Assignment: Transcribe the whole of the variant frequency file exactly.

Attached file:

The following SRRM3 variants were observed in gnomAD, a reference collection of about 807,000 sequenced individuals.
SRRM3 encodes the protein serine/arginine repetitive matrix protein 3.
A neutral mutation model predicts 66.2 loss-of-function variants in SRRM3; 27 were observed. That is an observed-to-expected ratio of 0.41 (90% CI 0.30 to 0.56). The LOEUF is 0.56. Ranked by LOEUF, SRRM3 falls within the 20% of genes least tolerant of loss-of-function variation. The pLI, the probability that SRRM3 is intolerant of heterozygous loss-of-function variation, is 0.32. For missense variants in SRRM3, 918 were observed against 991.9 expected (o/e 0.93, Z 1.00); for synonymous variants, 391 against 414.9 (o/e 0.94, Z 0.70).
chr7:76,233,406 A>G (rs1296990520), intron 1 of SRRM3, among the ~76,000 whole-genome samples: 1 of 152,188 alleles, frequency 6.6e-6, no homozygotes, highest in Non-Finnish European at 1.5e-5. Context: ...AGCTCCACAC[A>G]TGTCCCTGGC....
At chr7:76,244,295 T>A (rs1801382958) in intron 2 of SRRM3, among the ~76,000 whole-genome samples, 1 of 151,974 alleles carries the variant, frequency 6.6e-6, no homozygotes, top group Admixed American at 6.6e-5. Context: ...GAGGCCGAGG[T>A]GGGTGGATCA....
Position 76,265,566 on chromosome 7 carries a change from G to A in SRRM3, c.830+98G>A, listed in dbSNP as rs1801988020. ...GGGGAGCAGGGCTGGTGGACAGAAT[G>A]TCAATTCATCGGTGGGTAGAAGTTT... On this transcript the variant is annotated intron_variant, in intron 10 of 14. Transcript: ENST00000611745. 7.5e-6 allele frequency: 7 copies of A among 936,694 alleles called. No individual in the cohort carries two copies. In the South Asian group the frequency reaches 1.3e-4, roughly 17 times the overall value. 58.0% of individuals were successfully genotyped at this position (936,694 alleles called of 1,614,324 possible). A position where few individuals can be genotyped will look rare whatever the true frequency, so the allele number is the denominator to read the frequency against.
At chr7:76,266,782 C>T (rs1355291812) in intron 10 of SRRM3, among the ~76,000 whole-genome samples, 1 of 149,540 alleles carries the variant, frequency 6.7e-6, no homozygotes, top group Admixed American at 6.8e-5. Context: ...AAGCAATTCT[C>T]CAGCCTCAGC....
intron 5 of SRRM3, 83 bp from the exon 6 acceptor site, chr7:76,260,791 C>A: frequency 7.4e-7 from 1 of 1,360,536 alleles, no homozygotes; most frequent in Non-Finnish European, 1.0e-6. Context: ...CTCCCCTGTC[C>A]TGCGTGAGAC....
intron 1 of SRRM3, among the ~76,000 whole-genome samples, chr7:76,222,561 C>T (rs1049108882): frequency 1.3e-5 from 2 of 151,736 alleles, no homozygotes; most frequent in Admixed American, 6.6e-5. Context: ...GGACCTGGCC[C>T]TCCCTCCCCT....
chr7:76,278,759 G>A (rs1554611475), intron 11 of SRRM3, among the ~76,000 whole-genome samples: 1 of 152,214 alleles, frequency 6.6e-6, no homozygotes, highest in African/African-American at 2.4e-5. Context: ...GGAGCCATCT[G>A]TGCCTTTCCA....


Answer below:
The following SRRM3 variants were observed in gnomAD, a reference collection of about 807,000 sequenced individuals.
SRRM3 encodes the protein serine/arginine repetitive matrix protein 3.
A neutral mutation model predicts 66.2 loss-of-function variants in SRRM3; 27 were observed. That is an observed-to-expected ratio of 0.41 (90% CI 0.30 to 0.56). The LOEUF is 0.56. Ranked by LOEUF, SRRM3 falls within the 20% of genes least tolerant of loss-of-function variation. The pLI, the probability that SRRM3 is intolerant of heterozygous loss-of-function variation, is 0.32. For missense variants in SRRM3, 918 were observed against 991.9 expected (o/e 0.93, Z 1.00); for synonymous variants, 391 against 414.9 (o/e 0.94, Z 0.70).
chr7:76,233,406 A>G (rs1296990520), intron 1 of SRRM3, among the ~76,000 whole-genome samples: 1 of 152,188 alleles, frequency 6.6e-6, no homozygotes, highest in Non-Finnish European at 1.5e-5. Context: ...AGCTCCACAC[A>G]TGTCCCTGGC....
At chr7:76,244,295 T>A (rs1801382958) in intron 2 of SRRM3, among the ~76,000 whole-genome samples, 1 of 151,974 alleles carries the variant, frequency 6.6e-6, no homozygotes, top group Admixed American at 6.6e-5. Context: ...GAGGCCGAGG[T>A]GGGTGGATCA....
Position 76,265,566 on chromosome 7 carries a change from G to A in SRRM3, c.830+98G>A, listed in dbSNP as rs1801988020. ...GGGGAGCAGGGCTGGTGGACAGAAT[G>A]TCAATTCATCGGTGGGTAGAAGTTT... On this transcript the variant is annotated intron_variant, in intron 10 of 14. Transcript: ENST00000611745. 7.5e-6 allele frequency: 7 copies of A among 936,694 alleles called. No individual in the cohort carries two copies. In the South Asian group the frequency reaches 1.3e-4, roughly 17 times the overall value. 58.0% of individuals were successfully genotyped at this position (936,694 alleles called of 1,614,324 possible). A position where few individuals can be genotyped will look rare whatever the true frequency, so the allele number is the denominator to read the frequency against.
At chr7:76,266,782 C>T (rs1355291812) in intron 10 of SRRM3, among the ~76,000 whole-genome samples, 1 of 149,540 alleles carries the variant, frequency 6.7e-6, no homozygotes, top group Admixed American at 6.8e-5. Context: ...AAGCAATTCT[C>T]CAGCCTCAGC....
intron 5 of SRRM3, 83 bp from the exon 6 acceptor site, chr7:76,260,791 C>A: frequency 7.4e-7 from 1 of 1,360,536 alleles, no homozygotes; most frequent in Non-Finnish European, 1.0e-6. Context: ...CTCCCCTGTC[C>A]TGCGTGAGAC....
intron 1 of SRRM3, among the ~76,000 whole-genome samples, chr7:76,222,561 C>T (rs1049108882): frequency 1.3e-5 from 2 of 151,736 alleles, no homozygotes; most frequent in Admixed American, 6.6e-5. Context: ...GGACCTGGCC[C>T]TCCCTCCCCT....
chr7:76,278,759 G>A (rs1554611475), intron 11 of SRRM3, among the ~76,000 whole-genome samples: 1 of 152,214 alleles, frequency 6.6e-6, no homozygotes, highest in African/African-American at 2.4e-5. Context: ...GGAGCCATCT[G>A]TGCCTTTCCA....